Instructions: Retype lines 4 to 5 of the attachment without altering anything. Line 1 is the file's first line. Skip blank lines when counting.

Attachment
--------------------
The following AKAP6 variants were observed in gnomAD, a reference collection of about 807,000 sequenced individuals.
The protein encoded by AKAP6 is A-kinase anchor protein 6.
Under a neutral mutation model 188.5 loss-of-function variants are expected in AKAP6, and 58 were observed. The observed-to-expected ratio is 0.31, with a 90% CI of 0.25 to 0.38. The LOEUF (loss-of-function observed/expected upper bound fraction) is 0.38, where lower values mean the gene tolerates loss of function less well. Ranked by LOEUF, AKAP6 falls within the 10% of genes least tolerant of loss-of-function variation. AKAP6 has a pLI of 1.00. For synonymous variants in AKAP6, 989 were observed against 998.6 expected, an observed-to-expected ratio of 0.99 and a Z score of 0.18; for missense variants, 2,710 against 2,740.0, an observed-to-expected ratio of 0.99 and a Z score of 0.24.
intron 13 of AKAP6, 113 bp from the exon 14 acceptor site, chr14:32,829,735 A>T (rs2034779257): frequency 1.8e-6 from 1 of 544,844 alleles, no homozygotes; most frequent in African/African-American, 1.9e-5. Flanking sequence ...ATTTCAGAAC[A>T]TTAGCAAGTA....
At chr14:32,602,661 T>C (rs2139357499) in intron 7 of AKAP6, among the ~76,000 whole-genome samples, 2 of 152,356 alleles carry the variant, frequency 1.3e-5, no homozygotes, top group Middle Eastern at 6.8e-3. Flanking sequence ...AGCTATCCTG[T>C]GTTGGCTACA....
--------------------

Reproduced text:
intron 13 of AKAP6, 113 bp from the exon 14 acceptor site, chr14:32,829,735 A>T (rs2034779257): frequency 1.8e-6 from 1 of 544,844 alleles, no homozygotes; most frequent in African/African-American, 1.9e-5. Flanking sequence ...ATTTCAGAAC[A>T]TTAGCAAGTA....
At chr14:32,602,661 T>C (rs2139357499) in intron 7 of AKAP6, among the ~76,000 whole-genome samples, 2 of 152,356 alleles carry the variant, frequency 1.3e-5, no homozygotes, top group Middle Eastern at 6.8e-3. Flanking sequence ...AGCTATCCTG[T>C]GTTGGCTACA....